This person is more mature still, having a deeper understanding of their suit and how it works within themselves. They know how to use their powers creatively to develop as people, and how to share this with others. They are able to exude the power of their suit, helping others to enjoy and develop that element of themselves, too. The Queen of Cups might be an musician whose songs are a powerful expression of his own heart, but when other people listen, they find that they recognise their own feelings there too.
The Collective Tarot has a great take on this, referring to pages, knights, queens and kings as seeker, apprentice, artist and mentor respectively. This is a really helpful way to think about the court cards in whatever deck you happen to be using – each of these roles describes a different level of maturity/ability when it comes to accessing and using the card’s suit.
So how to read these cards in an actual tarot reading?
Depending on position, context or the question asked, here are a few ways I might interpret court cards in a reading:
- What the querent is bringing to the situation, or how they are responding to it
- What someone else is bringing / how they are responding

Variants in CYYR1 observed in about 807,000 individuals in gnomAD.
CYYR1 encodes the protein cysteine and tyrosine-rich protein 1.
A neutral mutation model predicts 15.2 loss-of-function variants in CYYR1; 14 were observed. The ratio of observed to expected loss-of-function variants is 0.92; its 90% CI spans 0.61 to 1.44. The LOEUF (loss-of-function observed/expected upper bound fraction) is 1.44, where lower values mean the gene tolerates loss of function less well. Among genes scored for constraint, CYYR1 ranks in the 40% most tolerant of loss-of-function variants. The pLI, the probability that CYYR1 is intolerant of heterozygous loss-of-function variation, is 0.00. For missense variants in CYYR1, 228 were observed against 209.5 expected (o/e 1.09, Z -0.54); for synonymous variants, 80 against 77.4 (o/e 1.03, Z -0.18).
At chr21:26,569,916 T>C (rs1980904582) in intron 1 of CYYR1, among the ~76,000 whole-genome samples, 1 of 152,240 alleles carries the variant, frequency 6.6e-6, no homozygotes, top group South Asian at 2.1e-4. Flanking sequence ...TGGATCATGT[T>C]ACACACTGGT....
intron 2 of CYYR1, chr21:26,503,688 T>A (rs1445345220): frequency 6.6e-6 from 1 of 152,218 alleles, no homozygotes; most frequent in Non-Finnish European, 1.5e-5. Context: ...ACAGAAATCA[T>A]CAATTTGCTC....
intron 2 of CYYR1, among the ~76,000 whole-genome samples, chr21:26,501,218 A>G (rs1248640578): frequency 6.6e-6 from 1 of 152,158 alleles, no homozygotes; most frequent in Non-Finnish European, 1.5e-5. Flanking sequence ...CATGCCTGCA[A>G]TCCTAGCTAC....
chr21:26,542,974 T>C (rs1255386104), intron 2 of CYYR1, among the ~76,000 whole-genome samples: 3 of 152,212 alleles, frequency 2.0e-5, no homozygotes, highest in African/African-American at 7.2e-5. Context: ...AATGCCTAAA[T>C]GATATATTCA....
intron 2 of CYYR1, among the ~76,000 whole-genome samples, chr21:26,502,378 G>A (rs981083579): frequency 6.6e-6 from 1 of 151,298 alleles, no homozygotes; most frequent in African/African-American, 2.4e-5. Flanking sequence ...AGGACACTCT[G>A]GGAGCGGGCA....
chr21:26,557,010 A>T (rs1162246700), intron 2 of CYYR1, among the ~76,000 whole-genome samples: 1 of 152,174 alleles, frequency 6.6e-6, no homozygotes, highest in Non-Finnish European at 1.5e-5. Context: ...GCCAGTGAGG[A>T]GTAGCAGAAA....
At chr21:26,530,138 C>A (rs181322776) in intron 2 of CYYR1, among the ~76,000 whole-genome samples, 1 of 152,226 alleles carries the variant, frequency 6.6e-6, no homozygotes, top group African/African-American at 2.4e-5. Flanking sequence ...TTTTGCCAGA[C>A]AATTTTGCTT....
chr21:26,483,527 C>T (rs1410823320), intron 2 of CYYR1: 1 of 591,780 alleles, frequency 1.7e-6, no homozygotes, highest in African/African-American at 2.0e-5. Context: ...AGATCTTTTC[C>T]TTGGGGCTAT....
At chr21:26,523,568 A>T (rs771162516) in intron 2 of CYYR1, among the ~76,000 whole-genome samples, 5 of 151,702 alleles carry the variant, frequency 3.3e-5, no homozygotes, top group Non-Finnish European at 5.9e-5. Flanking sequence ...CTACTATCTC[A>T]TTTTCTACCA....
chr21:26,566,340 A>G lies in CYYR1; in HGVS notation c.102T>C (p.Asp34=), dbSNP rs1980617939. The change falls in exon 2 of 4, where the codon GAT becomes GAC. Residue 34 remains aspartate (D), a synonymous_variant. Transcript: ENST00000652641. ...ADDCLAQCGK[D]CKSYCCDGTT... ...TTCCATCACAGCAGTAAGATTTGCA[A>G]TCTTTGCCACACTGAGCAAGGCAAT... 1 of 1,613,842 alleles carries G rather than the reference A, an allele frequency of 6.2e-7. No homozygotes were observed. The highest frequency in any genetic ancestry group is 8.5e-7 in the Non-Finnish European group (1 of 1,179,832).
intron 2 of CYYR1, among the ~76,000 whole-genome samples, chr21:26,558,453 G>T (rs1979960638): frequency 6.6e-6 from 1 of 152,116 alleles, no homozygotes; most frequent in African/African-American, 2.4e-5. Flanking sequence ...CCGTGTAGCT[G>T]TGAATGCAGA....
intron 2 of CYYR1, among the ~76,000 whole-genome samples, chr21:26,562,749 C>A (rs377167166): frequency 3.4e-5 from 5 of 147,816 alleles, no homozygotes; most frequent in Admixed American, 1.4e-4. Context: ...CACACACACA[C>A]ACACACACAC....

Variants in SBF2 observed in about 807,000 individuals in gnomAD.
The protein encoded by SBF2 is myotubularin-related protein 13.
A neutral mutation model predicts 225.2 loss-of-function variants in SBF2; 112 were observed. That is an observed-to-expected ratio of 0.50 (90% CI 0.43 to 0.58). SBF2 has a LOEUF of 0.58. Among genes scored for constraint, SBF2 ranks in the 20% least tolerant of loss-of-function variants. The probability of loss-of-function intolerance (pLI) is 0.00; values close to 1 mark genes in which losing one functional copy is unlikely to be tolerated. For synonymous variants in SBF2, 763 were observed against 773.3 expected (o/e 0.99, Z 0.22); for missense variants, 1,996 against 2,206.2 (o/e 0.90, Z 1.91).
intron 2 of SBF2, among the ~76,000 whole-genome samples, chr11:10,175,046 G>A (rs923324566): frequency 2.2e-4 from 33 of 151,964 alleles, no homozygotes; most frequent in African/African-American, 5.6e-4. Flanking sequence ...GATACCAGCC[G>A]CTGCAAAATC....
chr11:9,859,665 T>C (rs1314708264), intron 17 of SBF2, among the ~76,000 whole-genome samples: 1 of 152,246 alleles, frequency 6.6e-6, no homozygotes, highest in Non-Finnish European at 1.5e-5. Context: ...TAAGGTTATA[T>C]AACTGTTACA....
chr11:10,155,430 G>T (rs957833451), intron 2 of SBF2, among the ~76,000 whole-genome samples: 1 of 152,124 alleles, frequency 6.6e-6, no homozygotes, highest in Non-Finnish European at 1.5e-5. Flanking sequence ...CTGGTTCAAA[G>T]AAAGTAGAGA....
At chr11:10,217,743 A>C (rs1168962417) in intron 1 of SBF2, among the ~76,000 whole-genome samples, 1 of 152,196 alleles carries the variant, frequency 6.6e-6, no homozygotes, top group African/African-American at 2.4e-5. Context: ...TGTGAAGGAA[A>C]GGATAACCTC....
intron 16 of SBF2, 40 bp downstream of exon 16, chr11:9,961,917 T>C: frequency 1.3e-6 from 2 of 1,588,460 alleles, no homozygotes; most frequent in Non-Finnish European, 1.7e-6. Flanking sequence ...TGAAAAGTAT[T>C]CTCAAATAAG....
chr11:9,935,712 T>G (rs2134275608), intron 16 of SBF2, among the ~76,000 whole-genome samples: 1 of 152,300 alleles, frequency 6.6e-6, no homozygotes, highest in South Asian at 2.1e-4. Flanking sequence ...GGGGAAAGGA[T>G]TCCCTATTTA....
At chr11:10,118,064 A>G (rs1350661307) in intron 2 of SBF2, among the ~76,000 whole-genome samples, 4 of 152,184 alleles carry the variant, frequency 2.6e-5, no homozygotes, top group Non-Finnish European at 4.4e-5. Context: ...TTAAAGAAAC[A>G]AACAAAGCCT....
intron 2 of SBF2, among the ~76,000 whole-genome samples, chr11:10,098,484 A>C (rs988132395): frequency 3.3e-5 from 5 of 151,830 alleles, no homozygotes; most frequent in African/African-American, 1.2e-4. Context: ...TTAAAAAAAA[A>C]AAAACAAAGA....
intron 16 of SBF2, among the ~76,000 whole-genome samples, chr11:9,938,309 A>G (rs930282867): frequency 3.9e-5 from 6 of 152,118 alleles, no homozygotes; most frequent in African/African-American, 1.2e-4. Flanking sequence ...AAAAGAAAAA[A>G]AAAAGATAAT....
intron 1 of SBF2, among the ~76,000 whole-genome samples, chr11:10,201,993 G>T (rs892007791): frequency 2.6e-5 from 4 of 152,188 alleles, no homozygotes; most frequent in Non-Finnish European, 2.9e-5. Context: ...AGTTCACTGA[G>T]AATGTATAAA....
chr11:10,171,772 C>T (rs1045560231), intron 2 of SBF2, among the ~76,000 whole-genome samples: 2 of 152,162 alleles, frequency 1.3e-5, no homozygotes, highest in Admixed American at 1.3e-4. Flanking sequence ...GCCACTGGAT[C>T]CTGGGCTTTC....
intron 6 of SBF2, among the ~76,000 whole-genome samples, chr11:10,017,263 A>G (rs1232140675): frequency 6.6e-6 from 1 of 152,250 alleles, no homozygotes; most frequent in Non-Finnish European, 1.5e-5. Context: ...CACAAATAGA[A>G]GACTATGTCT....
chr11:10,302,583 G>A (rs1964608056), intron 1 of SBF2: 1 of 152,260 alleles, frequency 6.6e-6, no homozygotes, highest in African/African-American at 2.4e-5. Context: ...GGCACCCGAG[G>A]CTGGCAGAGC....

- The type of energy the situation needs, an attitude to adopt
- A recognisable person in the querent’s life
- An ‘ideal person,’ a type of person the querent longs for
- An influencing energy, not necessarily from a person but perhaps from a structure or institution (e.g. King of Pentacles — strict rules at work)
A fun way to get more familiar with the court cards is to think of them as people. One-dimensional people, yes, but people you can play with, make up stories about, play Barbie and Ken with. Try matching them to your friends — that can be pretty fun! As in ‘OMG she’s being *such* an aloof King of Swords right now!’ Or try associating them with celebrities or politicians. On my own tarot blog, I wrote about matchmaking with the court cards, and I also made up a silly soap opera based on those sixteen characters.
Lastly, if you’re really interested in court cards, Scottish tarot reader Alison Cross writes a blog exclusively about them called This Game of Thrones. It’s lighthearted and practical and a good read to help you get to know the ‘characters’ of the court.
What about you?
Got a favourite court card? Ever dated an obsessive Knight of Cups or a damaged Queen of Swords? Which court card best represents you… and just how do you feel about that? Share your ideas with us in the comments!